Best Yeast for super malty taste? - Home Brew Forums
Register Now For Free!

Home Brew Forums > Home Brewing Beer > Recipes/Ingredients > Best Yeast for super malty taste?

Reply
 
Thread Tools
Old 03-24-2009, 04:13 PM   #1
ApolloSpeed
Recipes 
 
Sep 2008
Posts: 226
Liked 3 Times on 3 Posts



Which yeast produces the best malty taste? Like in Irish Reds, Oktoberfest....and beers like that. I love the super malty taste!

WLP830? 833? 820? Or something else?


Or is it more about using alot of grain? Like Munich, Vienna, and German Pils.
__________________
*************

 
Reply With Quote
Old 03-24-2009, 05:26 PM   #2
mkling
Recipes 
 
Nov 2008
Chapel Hill, North Carolina
Posts: 743
Liked 9 Times on 8 Posts


Malt type, mash temperature, and yeast strain all matter. For malts, the three you listed above are all good at producing a malty profile, for the Pils especially if you use a decoction mash. Higher mashing temps will also get you there with 155-158F giving you more malty characteristics. Finally, if you do a search for yeast strains and attenuation, you'll find that some yeasts convert fewer sugars to alcohol, making for a more malty beer. (For instance, 820 is listed as 65-73%, 830 as 74-79%, and 833 as 70-76%, so 820 would likely create a more malty finished beer assuming all other things are equal.)
__________________
Currently On Draft: Bamberger Rauch Dunkel, Belgian Blond, Pilsener Urquell clone, Smoked Porter
Bottled: Concord Pyment, Mi'Apa Sparkling Mead, Chimay Blue, Old Simcoe American Barleywine, Old Cantankerous
Fermenting and Conditioning: Pseudo-Decoction Munich Dunkel, Left Hook Bitter
Recently Kicked Kegs: Fresh Hop Pale Ale, Citra Rye IPA
On Deck: Old Rasputin, Northstar IPA, Ur-bock Dunkel

 
Reply With Quote
Old 03-24-2009, 05:39 PM   #3
ApolloSpeed
Recipes 
 
Sep 2008
Posts: 226
Liked 3 Times on 3 Posts


I got you.....so the Attenuation is what leaves that malty flavor behind....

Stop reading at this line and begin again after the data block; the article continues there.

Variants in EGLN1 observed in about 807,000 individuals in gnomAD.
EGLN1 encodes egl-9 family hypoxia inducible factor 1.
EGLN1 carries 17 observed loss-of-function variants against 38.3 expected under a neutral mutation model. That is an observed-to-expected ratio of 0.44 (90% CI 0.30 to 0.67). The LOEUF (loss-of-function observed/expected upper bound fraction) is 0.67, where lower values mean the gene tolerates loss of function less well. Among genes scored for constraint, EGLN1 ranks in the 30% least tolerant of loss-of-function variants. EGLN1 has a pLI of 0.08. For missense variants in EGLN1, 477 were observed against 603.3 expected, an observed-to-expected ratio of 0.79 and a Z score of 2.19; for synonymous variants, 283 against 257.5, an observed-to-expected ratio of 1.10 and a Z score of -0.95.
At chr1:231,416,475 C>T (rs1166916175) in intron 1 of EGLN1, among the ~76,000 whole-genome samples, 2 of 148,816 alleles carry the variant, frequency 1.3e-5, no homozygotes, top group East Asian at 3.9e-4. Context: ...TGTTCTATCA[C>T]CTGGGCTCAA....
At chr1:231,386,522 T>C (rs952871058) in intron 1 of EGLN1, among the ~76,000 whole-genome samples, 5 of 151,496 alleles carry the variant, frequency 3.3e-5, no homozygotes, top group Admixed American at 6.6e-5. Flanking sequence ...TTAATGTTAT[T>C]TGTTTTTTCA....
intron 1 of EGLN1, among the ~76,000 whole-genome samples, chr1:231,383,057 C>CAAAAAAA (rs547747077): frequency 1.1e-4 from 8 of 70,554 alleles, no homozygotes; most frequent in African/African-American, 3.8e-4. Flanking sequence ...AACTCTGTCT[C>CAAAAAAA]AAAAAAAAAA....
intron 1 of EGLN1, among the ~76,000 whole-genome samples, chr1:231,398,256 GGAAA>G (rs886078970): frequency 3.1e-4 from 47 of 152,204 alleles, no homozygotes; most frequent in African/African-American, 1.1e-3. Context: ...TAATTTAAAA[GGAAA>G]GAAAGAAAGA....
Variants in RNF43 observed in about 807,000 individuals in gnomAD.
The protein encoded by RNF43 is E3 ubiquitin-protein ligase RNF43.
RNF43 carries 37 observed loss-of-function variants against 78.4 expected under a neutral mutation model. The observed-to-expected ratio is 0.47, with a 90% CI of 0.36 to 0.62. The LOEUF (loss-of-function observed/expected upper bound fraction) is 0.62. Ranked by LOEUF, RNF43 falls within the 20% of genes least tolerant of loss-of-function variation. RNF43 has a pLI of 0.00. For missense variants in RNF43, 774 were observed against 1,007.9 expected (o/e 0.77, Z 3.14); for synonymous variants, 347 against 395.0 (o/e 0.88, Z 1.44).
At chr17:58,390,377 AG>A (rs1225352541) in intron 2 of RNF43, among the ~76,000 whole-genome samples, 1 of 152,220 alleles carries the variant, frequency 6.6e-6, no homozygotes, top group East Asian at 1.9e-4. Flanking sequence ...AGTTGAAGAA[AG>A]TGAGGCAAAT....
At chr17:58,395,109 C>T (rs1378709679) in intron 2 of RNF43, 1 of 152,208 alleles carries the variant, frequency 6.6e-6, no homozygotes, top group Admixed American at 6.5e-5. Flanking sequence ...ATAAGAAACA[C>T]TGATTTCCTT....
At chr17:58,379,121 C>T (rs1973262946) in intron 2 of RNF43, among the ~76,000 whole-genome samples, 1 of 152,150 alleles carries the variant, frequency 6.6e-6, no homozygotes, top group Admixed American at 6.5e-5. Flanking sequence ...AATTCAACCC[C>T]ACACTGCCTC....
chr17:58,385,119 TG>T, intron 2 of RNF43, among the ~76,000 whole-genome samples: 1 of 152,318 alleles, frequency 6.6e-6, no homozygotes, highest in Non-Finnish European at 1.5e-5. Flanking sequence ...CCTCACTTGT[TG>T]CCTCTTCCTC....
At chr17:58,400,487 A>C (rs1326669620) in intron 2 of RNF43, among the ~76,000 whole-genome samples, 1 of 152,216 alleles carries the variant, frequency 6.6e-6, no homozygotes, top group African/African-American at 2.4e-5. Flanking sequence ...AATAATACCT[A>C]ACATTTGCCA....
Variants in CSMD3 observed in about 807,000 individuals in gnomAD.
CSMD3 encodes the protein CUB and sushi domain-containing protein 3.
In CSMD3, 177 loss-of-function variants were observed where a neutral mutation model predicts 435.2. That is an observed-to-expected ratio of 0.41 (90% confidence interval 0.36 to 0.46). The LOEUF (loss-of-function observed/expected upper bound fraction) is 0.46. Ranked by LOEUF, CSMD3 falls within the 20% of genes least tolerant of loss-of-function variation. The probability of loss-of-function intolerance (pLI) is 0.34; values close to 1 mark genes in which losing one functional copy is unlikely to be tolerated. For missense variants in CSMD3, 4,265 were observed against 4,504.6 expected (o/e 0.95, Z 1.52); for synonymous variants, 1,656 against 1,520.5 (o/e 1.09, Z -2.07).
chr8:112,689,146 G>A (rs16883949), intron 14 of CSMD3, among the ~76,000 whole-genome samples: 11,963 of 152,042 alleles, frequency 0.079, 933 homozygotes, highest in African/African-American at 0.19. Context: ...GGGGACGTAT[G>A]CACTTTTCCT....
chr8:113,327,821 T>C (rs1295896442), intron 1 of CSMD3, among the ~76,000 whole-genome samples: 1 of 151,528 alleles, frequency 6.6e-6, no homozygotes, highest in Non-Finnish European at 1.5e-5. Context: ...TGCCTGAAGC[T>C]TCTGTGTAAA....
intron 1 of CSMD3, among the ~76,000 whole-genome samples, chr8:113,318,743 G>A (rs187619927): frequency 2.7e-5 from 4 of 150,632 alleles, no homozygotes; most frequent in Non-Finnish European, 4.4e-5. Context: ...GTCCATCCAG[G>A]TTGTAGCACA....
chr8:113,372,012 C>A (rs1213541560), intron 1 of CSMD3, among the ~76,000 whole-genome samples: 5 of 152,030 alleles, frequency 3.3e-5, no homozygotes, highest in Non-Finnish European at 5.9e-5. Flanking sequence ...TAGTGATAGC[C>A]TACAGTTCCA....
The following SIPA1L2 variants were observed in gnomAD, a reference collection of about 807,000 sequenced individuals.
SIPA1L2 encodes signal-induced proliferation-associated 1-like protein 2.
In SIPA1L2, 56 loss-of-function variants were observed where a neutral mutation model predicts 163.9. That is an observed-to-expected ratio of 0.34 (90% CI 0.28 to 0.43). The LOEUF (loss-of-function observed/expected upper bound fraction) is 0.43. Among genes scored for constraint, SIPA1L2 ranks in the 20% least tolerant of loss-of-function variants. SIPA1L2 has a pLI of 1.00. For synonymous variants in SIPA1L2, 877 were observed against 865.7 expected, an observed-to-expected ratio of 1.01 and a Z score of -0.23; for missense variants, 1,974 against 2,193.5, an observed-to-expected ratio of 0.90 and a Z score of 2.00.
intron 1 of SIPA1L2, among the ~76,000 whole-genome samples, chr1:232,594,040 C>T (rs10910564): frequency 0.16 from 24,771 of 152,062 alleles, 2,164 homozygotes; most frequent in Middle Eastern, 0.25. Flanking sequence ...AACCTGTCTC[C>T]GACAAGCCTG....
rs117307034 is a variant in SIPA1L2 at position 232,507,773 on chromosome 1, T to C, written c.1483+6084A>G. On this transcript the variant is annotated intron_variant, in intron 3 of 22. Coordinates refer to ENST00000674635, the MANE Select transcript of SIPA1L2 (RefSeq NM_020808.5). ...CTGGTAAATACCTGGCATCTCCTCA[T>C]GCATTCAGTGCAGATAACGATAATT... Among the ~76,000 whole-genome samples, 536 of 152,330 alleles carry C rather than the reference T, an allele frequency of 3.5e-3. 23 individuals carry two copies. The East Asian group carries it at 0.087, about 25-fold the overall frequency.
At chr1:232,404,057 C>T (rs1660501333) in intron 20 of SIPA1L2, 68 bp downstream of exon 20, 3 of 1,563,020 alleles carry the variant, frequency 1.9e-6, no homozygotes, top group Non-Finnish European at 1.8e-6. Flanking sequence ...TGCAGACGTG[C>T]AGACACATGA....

and the higher mash temp like you said. I think I gotcha.
__________________
*************

 
Reply With Quote
Old 03-24-2009, 05:40 PM   #4
DeathBrewer
Maniacally Malty
HBT_LIFETIMESUPPORTER.png
 
DeathBrewer's Avatar
Recipes 
 
Apr 2007
Oakland, CA
Posts: 21,790
Liked 269 Times on 134 Posts


Munich and Vienna are nice and malty. Using those in a recipe and mashing a little higher will give you a wonderful malt character.

Yeast attenuation is a little different. It leaves "sweetness" if it doesn't ferment out all the way. More of a sugar sweetness than a malt sweetness.

Think about it like this (a bit simplified, but should help the explanation):

Some yeast can only eat so many simple sugars.

Some yeast can only handle so much alcohol in their environment.

Malt that is mashed at a higher temperature will be more dextrinous, and have more complex sugars.

Malt that is mashed at a lower temperature will be more fermentable and you'll end up with a more dry end product.

There are many other factors, but basically it goes like this:

Mashing high and fermenting with a highly attenuative yeast will leave you with a dextrinous yet dry beer.

Mashing high and fermenting with a lower attenuator will leave you with a dextrinous, malty, sweet beer.

Mashing low and fermenting with a highly attenuative yeast will leave you with a clean, dry beer.

Mashing low and fermenting with a lower attenuative yeast will leave you with a "sweet" beer...basically it leaves sugars behind that other yeast would gobble up and turn into alcohol.

Of course, using certain malts will give you a malty character no matter what you mash at. Vienna and Munich will always impart malt character. Again, there are a great number of factors, but hopefully this will help.
__________________
Easy Partial Mash Brewing - Stovetop All-Grain Brewing

"Death is always with us." - Brewpastor

Quote:
DIAICYLF
We will remember...

Likefully Likes This 
Reply With Quote
Old 03-24-2009, 06:50 PM   #5
foxtrot
Recipes 
 
Jul 2007
Arvada, CO
Posts: 132

Using WLP041 Pacific Ale Yeast makes a super malty ale. I think its from Red Hook.

 
Reply With Quote
Old 03-24-2009, 09:04 PM   #6
ApolloSpeed
Recipes 
 
Sep 2008
Posts: 226
Liked 3 Times on 3 Posts


SO...maybe 50/50 bill of Munich and Vienna....some German pils and maybe a small touch of caramunich, or carapils, or crystal.

Mashing between 155-158f.....a high FG yeast ...fermented in the 50's.....would produce a nice malty beer.

Have I got the plan right?
__________________
*************

 
Reply With Quote
Old 03-24-2009, 09:22 PM   #7
DeathBrewer
Maniacally Malty
HBT_LIFETIMESUPPORTER.png
 
DeathBrewer's Avatar
Recipes 
 
Apr 2007
Oakland, CA
Posts: 21,790
Liked 269 Times on 134 Posts